By Veronique Hauschild, Army Public Health Center (Provisional)August 15, 2016
FORT RUCKER, Ala. -- In his ancient military treatise "The Art of War," Sun Tzu notes that if you put your army on a forced march at a certain speed, you will lose one-tenth to two-thirds of your troops along the way.
While technology has progressed quite a bit in the 2,400 years since Tzu's day, the effectiveness of troops who march long distances with their equipment remains a critical factor in the success of many military operations.
During dismounted troop foot movement, Soldiers must carry heavy equipment over varying terrains with multiple environmental hazards. Heavy loads can lead to rapid fatigue, greater food and water requirements, awkward body postures, and stress and friction to body parts.
The costs are well documented by both scientists and military historians. These factors reduce a Soldier's physical and mental combat performance capabilities and increase the risk of injury. The results can be fatal for individuals and detrimental to a unit's mission success.
The ability to effectively and rapidly move troops by foot is an indisputable advantage in many operational circumstances, which is why foot march training, or "rucking," remains an important component of Army readiness training.
Foot march training that is too excessive or intense, however, can unnecessarily increase the risk of acute and overuse injuries. The injuries can lead to recovery periods and medical treatment that limit physical activity for days, weeks or months, and could even cause permanent disability.
Though training to fight will always be associated with some risk of injury, the Army can train smarter. Various military studies and observations echo this concern:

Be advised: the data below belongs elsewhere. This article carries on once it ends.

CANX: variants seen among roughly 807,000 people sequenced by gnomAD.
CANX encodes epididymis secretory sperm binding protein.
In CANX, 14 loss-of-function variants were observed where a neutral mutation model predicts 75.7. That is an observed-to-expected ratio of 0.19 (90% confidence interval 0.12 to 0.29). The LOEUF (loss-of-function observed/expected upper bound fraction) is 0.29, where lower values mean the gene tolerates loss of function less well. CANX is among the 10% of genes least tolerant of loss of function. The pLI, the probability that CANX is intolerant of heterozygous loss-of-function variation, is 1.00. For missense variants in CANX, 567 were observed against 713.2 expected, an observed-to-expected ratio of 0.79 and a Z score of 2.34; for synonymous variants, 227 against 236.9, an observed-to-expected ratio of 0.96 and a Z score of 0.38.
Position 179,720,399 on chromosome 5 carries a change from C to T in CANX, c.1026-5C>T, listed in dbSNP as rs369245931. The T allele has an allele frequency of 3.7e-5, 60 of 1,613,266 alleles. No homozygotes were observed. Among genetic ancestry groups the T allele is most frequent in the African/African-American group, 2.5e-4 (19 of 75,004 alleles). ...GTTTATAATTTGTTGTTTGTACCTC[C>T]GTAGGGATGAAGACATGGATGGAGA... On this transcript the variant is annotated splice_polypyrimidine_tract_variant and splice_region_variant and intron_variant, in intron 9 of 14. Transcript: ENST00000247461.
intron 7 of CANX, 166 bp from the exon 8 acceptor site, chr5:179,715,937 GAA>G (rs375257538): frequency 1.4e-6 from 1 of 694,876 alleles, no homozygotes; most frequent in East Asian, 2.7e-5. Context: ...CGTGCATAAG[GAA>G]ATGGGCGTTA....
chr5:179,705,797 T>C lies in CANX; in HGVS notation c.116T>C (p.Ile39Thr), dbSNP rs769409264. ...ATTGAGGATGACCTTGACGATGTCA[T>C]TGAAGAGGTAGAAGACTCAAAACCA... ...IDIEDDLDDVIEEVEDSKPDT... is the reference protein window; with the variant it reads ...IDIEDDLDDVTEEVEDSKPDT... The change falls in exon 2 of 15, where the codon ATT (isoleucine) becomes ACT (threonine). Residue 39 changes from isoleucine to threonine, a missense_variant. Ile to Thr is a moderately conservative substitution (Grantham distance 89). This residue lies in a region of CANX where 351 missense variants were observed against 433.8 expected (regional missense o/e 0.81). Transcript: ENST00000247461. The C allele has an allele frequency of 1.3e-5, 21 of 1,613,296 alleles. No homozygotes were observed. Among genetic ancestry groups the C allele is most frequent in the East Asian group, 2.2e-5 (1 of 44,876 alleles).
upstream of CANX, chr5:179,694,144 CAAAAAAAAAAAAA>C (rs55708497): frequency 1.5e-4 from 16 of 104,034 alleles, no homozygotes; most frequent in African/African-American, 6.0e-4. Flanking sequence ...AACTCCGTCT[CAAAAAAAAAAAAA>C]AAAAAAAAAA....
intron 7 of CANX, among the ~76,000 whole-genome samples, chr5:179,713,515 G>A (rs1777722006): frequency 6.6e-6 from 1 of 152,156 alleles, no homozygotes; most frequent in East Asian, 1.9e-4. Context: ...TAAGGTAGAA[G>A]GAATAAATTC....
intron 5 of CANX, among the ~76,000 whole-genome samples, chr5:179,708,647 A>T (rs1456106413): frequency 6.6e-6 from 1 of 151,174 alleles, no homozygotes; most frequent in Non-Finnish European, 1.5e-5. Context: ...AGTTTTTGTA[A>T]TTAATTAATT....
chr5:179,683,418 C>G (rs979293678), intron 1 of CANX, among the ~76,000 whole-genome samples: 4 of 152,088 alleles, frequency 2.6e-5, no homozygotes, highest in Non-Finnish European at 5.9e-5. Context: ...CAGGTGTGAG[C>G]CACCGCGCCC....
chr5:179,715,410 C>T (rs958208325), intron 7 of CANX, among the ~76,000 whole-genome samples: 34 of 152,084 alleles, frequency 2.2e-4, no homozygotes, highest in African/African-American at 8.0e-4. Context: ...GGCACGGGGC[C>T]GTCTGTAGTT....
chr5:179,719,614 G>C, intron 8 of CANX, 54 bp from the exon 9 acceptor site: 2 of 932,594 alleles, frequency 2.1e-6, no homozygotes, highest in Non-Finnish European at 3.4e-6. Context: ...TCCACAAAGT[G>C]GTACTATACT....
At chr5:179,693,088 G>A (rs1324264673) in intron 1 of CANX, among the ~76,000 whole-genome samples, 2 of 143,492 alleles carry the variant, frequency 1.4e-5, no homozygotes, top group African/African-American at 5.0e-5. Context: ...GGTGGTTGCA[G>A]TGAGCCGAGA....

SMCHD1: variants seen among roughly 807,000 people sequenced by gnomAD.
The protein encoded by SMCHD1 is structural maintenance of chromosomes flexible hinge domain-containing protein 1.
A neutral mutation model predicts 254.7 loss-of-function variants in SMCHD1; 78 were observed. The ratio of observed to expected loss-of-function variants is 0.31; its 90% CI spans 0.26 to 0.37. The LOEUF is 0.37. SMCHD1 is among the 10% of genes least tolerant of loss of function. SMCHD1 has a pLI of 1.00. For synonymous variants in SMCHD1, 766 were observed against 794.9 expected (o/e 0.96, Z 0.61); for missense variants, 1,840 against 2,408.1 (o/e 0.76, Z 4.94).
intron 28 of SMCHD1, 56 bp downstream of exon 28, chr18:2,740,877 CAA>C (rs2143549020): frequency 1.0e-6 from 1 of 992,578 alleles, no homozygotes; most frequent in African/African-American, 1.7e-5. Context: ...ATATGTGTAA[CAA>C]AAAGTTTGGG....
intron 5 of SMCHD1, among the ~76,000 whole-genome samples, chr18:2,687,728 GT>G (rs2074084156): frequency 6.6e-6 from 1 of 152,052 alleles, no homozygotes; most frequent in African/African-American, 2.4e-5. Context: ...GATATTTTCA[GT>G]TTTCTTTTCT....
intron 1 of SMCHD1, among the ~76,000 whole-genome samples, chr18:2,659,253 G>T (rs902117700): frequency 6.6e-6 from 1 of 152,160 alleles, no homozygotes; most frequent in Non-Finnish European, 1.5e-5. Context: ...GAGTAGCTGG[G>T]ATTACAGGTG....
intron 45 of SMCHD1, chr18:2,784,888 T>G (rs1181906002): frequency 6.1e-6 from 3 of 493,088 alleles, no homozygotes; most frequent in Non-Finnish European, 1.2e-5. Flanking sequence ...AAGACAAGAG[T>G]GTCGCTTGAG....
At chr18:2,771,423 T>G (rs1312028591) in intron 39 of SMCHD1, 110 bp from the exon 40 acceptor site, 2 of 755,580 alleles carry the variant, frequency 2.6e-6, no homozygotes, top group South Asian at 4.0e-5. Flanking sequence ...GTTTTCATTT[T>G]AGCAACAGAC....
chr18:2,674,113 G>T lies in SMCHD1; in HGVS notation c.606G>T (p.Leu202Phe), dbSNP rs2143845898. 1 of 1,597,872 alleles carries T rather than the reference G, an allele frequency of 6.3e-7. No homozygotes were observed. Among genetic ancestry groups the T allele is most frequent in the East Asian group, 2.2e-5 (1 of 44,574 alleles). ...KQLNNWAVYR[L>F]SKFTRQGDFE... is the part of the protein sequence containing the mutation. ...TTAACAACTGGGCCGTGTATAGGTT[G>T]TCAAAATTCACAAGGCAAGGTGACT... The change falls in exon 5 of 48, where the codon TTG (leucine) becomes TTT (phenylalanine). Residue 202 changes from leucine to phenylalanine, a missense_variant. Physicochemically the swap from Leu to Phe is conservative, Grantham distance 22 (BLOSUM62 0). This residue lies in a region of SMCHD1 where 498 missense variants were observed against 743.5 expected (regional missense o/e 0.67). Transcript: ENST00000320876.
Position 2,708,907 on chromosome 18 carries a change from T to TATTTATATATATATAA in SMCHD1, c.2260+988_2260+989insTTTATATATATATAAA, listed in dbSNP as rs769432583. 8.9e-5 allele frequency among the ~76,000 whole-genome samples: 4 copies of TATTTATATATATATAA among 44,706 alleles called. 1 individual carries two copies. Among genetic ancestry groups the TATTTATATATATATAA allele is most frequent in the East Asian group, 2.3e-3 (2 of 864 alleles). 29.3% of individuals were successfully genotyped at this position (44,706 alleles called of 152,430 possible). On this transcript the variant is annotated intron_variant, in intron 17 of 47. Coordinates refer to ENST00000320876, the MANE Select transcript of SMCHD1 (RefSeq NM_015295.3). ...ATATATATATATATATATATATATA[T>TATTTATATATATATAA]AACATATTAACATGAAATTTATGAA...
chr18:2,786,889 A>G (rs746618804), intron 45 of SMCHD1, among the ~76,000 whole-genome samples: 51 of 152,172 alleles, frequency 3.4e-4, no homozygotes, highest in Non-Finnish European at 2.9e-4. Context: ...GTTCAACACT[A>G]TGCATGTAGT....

-- Foot march training was found to be five times more hazardous in terms of injury rates than regular physical training.
-- Foot marching was reported as the second-leading cause (next to running) for training-related injuries in IET trainees and a non-deployed infantry unit.
-- Ruck running may increase injury risk, so speeds should not exceed 3 to 4 mph.
-- Programs that don't include adequate non-marching activities to increase overall physical fitness may have higher injury rates. Some training programs have optimized performance by including a mix of loaded foot marching with non-march upper-body resistance physical training and aerobic training.
-- Training programs that increase the intensity (load weights) and distance (time) too quickly can increase injury risk. A general rule is to not exceed a 10 percent increase in intensity or distance on separate days weekly.
INJURIES OF CONCERN
Foot marching-related injuries can occur in almost any part of the body, but the vast majority occur in the back and lower-extremities, including the legs, knees, ankles and feet. Most injuries result from the repetitive stresses placed on the body's skin, bones, muscles and nerves.